Gene therapy seemed like a promising solution. Doctors knew which genes were damaged, and they knew that they need to get working copies into the patients bone marrow.

But theres another layer of precision needed: It can matter where newly introduced genes get incorporated into the persons chromosomes. Viruses cant be programmed to put them in any specific place. Scientists knew, said Kimmelman, that getting the working versions of these genes into the wrong places might trigger leukemia. They thought it was very unlikely, but realized only after the fact that the viruses tended to preferentially place the genes in locations where they increased risk. In 2002, the SCID-X1 trial was stopped after the disease affected four children.

Over the years, scientists have examined other, safer vectors, and, counterintuitively, found that for SCID-X1, their best bet was a deactivated human immunodeficiency virus (HIV). These latest experiments, done in St. Judes Childrens Research Hospital in Memphis and published in the New England Journal of Medicine, took steps to prevent leukemia. Its still early, but the researchers say that so far the results look promising.

A similar standard should apply to the claimed gene-edited babies allegedly born in China late last year. The ethics has to be judged on the risks that were taken at the time, not the outcome, which may never be known given the secrecy surrounding the research. The babies - twin girls - were essentially human guinea pigs. The only disease involved was the fathers HIV-positive status, but there are safe ways to make sure a fathers virus isnt passed to his offspring.

The risks of this are still relatively unknown, and the fact that the SCID researchers misjudged the risk of giving their subjects leukemia should serve as a warning. Once again, in the case of the Crispr babies, the ethical principles were there, but they were broken maybe by a rogue scientist but possibly by one whose experiments were known and fundedby the Chinese government. Kimmelman points out that people have been debating the ethics of genetic engineering on unborn children since the 1970s, soon after the debut of genetic engineering.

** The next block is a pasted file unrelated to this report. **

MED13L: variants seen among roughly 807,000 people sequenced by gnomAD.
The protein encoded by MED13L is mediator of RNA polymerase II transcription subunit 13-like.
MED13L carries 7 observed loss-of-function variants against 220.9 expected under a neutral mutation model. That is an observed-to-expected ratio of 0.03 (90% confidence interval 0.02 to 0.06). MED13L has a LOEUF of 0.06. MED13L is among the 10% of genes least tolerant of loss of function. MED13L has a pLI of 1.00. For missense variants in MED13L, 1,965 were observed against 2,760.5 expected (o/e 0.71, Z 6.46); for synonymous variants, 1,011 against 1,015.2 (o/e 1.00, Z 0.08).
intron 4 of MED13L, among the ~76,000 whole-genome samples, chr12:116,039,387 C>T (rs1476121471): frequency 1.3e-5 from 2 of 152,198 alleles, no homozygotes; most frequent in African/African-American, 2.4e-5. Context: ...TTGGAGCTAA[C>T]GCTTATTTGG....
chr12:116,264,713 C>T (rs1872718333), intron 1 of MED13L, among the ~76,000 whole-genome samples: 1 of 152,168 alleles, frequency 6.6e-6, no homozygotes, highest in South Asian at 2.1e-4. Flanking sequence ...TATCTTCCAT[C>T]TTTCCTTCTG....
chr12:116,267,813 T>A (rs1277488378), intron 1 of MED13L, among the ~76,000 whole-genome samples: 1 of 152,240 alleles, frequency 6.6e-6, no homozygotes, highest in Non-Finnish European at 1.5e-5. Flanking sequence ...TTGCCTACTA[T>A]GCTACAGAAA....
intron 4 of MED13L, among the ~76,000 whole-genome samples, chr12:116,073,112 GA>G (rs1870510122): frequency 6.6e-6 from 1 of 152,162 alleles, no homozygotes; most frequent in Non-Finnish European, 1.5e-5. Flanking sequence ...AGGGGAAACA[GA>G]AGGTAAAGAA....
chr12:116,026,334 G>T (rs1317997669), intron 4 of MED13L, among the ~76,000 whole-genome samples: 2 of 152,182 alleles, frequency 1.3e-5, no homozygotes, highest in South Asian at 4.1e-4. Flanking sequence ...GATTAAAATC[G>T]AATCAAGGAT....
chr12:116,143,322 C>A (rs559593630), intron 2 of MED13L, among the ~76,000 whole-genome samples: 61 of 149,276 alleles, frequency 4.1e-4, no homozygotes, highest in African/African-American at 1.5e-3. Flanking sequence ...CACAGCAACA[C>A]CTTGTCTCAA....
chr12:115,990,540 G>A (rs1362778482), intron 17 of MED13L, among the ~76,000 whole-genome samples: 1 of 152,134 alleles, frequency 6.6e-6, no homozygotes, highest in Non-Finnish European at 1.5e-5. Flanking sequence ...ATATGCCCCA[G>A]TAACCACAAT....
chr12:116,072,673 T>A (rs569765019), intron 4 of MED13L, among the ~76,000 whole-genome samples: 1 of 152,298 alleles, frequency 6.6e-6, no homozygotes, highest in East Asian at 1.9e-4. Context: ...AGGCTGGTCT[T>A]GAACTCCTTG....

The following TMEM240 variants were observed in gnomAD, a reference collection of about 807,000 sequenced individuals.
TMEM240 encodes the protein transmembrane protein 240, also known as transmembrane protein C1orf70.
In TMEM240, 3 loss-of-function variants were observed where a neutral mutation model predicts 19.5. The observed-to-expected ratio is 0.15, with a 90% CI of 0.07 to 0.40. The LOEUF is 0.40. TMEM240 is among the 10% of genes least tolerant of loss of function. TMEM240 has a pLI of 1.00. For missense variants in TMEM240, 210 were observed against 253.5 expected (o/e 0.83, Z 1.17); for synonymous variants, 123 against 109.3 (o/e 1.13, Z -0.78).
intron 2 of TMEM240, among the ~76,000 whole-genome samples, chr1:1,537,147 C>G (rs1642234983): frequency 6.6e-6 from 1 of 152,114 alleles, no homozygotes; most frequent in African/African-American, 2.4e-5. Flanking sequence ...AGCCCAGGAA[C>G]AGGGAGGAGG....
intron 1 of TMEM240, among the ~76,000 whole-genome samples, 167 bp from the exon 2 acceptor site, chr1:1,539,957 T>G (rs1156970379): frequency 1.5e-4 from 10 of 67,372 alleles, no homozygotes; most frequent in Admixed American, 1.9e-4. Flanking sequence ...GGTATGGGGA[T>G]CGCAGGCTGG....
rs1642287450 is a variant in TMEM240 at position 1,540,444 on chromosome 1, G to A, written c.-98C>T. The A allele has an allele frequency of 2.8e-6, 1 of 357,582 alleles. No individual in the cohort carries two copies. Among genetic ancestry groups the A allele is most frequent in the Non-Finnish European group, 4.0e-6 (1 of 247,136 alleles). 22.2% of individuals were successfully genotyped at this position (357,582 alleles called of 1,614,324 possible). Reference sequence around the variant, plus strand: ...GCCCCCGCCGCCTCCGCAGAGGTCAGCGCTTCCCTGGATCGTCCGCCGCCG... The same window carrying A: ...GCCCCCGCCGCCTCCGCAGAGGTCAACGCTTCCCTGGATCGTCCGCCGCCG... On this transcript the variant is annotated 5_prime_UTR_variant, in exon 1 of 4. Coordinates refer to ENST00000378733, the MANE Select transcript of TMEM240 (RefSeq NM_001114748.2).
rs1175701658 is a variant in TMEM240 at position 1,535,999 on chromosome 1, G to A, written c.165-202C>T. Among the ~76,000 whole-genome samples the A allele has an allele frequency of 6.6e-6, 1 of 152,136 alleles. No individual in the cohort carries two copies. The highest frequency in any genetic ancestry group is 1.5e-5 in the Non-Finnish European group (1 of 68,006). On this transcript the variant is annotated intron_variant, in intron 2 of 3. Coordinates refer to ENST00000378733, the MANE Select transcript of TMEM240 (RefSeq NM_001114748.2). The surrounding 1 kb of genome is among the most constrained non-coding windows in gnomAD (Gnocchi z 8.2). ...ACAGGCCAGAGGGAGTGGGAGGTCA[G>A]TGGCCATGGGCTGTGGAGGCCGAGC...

In the medical community, there was almost universal agreement that the experiment was unethical because the twin girls were subject to unnecessary risk. The main problem with genetic technology isnt the need to prevent the birth ofFrankensteins monster, but to follow the ethical principles that Hippocrates wrote about more than 2,000 years ago. The needs of patients have to come first, even if it slows down the pace of progress.

This column does not necessarily reflect the opinion of the editorial board or Bloomberg LP and its owners.

To contact the author of this story:Faye Flam at [email protected]

To contact the editor responsible for this story:Philip Gray at [email protected]

Before it's here, it's on the Bloomberg Terminal.

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Genetic Medicine Isn't Moving Faster Than the Speed of ...

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Genomics and Medicine | NHGRI

Posted: May 1, 2019 at 4:47 pm

It has often been estimated that it takes, on average, 17years to translate a novel research finding into routine clinical practice. This time lag is due to a combination of factors, including the need to validate research findings, the fact that clinical trials are complex and take time to conduct and then analyze, and because disseminating information and educating healthcare workers about a new advance is not an overnight process.